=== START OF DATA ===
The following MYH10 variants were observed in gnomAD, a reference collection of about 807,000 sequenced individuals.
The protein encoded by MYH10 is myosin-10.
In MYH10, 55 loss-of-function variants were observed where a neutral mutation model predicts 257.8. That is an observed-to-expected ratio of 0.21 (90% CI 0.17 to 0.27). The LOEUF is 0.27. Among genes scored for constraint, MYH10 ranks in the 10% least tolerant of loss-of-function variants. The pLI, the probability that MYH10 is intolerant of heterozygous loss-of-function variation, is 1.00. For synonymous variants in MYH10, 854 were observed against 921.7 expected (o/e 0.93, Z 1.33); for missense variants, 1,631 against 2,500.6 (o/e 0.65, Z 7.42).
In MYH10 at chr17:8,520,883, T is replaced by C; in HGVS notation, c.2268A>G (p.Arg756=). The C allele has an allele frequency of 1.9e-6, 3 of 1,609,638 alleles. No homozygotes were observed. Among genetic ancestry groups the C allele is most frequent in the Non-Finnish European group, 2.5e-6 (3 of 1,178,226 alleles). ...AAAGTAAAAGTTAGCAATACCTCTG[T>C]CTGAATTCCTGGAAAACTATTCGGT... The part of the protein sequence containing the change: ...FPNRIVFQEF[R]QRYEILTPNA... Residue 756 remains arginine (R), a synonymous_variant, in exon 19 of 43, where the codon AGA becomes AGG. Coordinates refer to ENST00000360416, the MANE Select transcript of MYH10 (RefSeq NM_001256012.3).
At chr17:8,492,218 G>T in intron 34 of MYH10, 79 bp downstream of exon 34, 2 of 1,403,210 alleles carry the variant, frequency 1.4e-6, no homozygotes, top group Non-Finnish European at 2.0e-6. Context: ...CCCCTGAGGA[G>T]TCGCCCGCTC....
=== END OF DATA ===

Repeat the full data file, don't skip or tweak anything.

The following MYH10 variants were observed in gnomAD, a reference collection of about 807,000 sequenced individuals.
The protein encoded by MYH10 is myosin-10.
In MYH10, 55 loss-of-function variants were observed where a neutral mutation model predicts 257.8. That is an observed-to-expected ratio of 0.21 (90% CI 0.17 to 0.27). The LOEUF is 0.27. Among genes scored for constraint, MYH10 ranks in the 10% least tolerant of loss-of-function variants. The pLI, the probability that MYH10 is intolerant of heterozygous loss-of-function variation, is 1.00. For synonymous variants in MYH10, 854 were observed against 921.7 expected (o/e 0.93, Z 1.33); for missense variants, 1,631 against 2,500.6 (o/e 0.65, Z 7.42).
In MYH10 at chr17:8,520,883, T is replaced by C; in HGVS notation, c.2268A>G (p.Arg756=). The C allele has an allele frequency of 1.9e-6, 3 of 1,609,638 alleles. No homozygotes were observed. Among genetic ancestry groups the C allele is most frequent in the Non-Finnish European group, 2.5e-6 (3 of 1,178,226 alleles). ...AAAGTAAAAGTTAGCAATACCTCTG[T>C]CTGAATTCCTGGAAAACTATTCGGT... The part of the protein sequence containing the change: ...FPNRIVFQEF[R]QRYEILTPNA... Residue 756 remains arginine (R), a synonymous_variant, in exon 19 of 43, where the codon AGA becomes AGG. Coordinates refer to ENST00000360416, the MANE Select transcript of MYH10 (RefSeq NM_001256012.3).
At chr17:8,492,218 G>T in intron 34 of MYH10, 79 bp downstream of exon 34, 2 of 1,403,210 alleles carry the variant, frequency 1.4e-6, no homozygotes, top group Non-Finnish European at 2.0e-6. Context: ...CCCCTGAGGA[G>T]TCGCCCGCTC....